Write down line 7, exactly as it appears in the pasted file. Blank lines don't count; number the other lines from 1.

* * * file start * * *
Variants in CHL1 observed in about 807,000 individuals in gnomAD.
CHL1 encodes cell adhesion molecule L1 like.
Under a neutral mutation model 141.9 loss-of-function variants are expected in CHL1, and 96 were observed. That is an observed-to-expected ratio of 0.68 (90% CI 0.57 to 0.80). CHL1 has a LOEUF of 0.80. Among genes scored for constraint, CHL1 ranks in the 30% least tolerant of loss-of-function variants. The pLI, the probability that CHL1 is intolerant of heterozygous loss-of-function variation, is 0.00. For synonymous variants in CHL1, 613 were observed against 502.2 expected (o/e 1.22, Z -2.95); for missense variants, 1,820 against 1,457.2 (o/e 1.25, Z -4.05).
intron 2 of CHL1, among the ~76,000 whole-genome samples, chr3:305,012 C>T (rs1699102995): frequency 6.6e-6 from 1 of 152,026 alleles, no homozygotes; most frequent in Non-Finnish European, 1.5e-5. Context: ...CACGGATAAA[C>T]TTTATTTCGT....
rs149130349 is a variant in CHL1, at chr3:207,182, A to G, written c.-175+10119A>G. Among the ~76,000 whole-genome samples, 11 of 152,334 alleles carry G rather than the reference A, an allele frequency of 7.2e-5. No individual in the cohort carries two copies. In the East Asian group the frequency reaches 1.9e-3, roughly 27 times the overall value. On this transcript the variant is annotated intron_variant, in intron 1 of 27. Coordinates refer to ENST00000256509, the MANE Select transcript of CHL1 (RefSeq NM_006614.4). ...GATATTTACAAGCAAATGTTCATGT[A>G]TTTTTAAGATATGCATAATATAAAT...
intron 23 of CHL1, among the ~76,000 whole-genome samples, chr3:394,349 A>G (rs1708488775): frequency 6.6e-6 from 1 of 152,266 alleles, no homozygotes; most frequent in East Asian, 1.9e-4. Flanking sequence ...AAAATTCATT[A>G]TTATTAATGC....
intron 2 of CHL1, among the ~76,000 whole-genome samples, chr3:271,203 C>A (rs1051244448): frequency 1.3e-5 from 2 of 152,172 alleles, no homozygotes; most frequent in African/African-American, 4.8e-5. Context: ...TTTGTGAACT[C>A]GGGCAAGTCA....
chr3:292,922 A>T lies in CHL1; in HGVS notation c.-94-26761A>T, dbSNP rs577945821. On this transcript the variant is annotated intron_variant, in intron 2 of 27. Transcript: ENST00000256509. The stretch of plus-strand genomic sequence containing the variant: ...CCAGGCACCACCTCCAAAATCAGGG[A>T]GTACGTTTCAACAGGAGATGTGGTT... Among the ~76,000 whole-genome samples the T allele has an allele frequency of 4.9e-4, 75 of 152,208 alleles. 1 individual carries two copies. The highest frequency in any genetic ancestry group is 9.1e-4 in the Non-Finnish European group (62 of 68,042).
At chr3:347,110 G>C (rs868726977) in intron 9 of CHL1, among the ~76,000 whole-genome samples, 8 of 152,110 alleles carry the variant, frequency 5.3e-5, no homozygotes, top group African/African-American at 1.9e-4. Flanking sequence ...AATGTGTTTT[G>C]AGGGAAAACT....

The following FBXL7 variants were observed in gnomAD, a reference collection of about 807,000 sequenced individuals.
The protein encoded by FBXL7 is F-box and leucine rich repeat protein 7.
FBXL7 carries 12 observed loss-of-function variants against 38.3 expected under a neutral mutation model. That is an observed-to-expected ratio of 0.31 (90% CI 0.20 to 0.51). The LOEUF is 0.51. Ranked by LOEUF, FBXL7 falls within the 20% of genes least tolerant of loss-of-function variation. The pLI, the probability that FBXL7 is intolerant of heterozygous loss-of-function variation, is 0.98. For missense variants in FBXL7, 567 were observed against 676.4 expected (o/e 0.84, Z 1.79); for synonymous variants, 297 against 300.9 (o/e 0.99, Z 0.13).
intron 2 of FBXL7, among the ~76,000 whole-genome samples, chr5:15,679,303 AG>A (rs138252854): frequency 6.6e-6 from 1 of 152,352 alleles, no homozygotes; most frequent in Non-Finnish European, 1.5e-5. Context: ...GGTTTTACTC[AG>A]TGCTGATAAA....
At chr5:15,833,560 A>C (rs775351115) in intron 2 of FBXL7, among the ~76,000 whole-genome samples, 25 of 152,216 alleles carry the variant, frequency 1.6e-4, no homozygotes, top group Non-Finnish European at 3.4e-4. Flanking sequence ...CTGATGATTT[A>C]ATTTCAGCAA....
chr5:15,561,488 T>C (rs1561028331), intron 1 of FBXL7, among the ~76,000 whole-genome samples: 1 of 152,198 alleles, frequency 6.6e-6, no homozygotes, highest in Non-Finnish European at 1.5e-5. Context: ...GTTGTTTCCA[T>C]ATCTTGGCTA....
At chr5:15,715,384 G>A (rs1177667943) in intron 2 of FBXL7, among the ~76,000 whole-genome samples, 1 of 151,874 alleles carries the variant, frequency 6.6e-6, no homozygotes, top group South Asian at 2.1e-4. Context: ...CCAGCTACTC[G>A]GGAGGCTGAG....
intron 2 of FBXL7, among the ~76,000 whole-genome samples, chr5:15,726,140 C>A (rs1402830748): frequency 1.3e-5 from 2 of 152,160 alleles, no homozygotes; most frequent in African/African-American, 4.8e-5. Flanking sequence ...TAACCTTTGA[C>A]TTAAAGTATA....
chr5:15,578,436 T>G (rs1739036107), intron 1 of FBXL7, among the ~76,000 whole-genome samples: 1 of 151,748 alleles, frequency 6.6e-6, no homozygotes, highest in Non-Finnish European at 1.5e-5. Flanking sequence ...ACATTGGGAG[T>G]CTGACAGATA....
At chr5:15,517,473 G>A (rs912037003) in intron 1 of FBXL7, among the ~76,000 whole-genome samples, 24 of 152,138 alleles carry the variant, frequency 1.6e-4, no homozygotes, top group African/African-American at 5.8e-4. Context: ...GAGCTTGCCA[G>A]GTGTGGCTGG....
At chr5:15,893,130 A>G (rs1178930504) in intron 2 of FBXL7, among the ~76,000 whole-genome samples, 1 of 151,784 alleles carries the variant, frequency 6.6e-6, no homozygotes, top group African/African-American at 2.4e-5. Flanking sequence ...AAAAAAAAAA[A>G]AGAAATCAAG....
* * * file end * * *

intron 2 of CHL1, among the ~76,000 whole-genome samples, chr3:271,203 C>A (rs1051244448): frequency 1.3e-5 from 2 of 152,172 alleles, no homozygotes; most frequent in African/African-American, 4.8e-5. Context: ...TTTGTGAACT[C>A]GGGCAAGTCA....